Omri, a young boy growing up in Brooklyn, receives an odd variety of presents for his birthday: a wooden cabinet from his older brother, a set of antique keys from his mother and a tiny plastic model of an Indian from his best friend Patrick.
The Borrowers are small, fifteen-centimeter-high humans, who live in the English hinterland. They live out their lives in mouse-hole sized nooks in human houses, and survive by "borrowing" ... See full summary »
A cowardly boy, who buries himself in accident statistics, enters a library to escape a storm, only to be transformed into an animated illustration by the Pagemaster. He has to work through obstacles from classic books to return to real-life.
The Borrowers are four-inch high "little people" who live under the floorboards. When the owner of the house they live in dies and her evil lawyer Ocious P. Potter wants to destroy the house to build luxury apartments in its place, they start to fight him with the help of the son of house owner, Pete.Written by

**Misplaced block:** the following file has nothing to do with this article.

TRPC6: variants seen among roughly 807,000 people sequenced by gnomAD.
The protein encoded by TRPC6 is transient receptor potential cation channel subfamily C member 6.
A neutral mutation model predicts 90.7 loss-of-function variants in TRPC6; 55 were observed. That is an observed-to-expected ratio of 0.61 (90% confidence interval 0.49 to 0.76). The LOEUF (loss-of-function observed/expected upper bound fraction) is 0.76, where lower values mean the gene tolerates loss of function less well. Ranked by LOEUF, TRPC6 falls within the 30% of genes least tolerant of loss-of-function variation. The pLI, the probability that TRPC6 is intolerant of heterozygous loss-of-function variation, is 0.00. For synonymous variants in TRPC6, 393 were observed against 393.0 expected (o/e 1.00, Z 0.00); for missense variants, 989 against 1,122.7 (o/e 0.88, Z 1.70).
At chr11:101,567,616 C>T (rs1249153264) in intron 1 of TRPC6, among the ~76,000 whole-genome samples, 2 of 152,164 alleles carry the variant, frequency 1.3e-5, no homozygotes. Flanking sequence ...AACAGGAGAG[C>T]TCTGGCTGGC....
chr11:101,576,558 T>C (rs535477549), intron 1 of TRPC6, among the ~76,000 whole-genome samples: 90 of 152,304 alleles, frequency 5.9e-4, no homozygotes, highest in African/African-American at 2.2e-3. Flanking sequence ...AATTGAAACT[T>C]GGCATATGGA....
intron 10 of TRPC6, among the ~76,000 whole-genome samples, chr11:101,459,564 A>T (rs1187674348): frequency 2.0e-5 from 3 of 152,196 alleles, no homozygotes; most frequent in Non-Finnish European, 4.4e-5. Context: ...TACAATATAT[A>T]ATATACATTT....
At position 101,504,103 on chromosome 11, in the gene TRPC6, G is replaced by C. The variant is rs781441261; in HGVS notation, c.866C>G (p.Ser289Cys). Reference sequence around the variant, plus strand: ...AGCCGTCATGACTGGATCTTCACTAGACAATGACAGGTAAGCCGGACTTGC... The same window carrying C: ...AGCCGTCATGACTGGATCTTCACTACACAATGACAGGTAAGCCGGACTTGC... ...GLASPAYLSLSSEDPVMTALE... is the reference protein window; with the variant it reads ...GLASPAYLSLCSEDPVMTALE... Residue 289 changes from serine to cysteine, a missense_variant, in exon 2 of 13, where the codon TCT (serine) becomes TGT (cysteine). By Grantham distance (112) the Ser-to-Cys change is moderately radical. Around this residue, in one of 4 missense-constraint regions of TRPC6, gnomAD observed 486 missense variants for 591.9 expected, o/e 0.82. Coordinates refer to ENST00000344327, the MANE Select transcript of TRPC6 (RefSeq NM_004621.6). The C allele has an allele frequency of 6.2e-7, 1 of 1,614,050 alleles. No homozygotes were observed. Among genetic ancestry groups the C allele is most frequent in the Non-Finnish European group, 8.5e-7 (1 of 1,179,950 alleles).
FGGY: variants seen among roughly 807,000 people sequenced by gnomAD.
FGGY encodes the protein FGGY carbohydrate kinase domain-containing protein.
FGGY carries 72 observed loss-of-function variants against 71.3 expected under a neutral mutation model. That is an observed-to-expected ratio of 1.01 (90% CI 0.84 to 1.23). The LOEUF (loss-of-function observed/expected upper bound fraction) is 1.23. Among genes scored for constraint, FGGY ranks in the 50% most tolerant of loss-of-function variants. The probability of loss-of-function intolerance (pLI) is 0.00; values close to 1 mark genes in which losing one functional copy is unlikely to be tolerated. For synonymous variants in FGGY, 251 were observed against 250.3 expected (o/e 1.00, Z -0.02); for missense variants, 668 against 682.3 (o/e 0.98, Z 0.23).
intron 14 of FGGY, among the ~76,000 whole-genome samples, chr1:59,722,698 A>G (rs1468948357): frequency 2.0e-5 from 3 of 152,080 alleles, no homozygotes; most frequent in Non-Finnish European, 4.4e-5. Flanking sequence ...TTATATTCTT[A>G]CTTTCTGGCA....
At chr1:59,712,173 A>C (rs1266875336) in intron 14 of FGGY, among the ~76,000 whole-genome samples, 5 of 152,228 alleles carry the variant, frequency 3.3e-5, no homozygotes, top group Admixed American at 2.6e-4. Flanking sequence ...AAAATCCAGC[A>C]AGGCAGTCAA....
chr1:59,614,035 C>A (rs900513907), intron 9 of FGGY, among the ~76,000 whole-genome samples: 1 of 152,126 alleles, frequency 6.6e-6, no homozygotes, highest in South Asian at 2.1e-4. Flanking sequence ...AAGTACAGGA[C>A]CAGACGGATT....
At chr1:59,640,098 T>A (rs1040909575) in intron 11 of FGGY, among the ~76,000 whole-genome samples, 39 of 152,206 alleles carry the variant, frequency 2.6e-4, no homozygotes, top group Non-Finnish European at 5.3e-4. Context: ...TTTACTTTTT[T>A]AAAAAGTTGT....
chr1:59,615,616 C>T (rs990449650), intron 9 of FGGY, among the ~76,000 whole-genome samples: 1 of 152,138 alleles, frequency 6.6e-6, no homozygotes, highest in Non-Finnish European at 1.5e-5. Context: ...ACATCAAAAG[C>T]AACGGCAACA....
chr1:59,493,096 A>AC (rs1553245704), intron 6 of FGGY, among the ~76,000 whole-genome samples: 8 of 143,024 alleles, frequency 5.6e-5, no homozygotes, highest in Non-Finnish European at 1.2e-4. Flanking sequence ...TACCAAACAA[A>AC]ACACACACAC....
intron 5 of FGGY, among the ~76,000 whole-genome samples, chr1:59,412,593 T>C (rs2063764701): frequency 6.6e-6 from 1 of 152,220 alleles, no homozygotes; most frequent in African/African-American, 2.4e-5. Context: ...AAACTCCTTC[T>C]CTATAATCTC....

Reading some of the other reviews you get the impression that the Special Effects in the Borrowers are somewhat mediocre, well I feel I must stand up for them. The effects in this film are on the whole superb. The problem is that some of them are so good you just don't notice them unless they are pointed out to you. In my opinion the effects in the Borrowers are vastly superior to things like say Titanic, which rather unbelievably won an Oscar. Any effect which you're inclined to say "That's a good effect" too, is not a good effect, it is a poor one because you can tell it's an effect. The best effects go unnoticed, not only by the movie going public but also by the Academy it seems.
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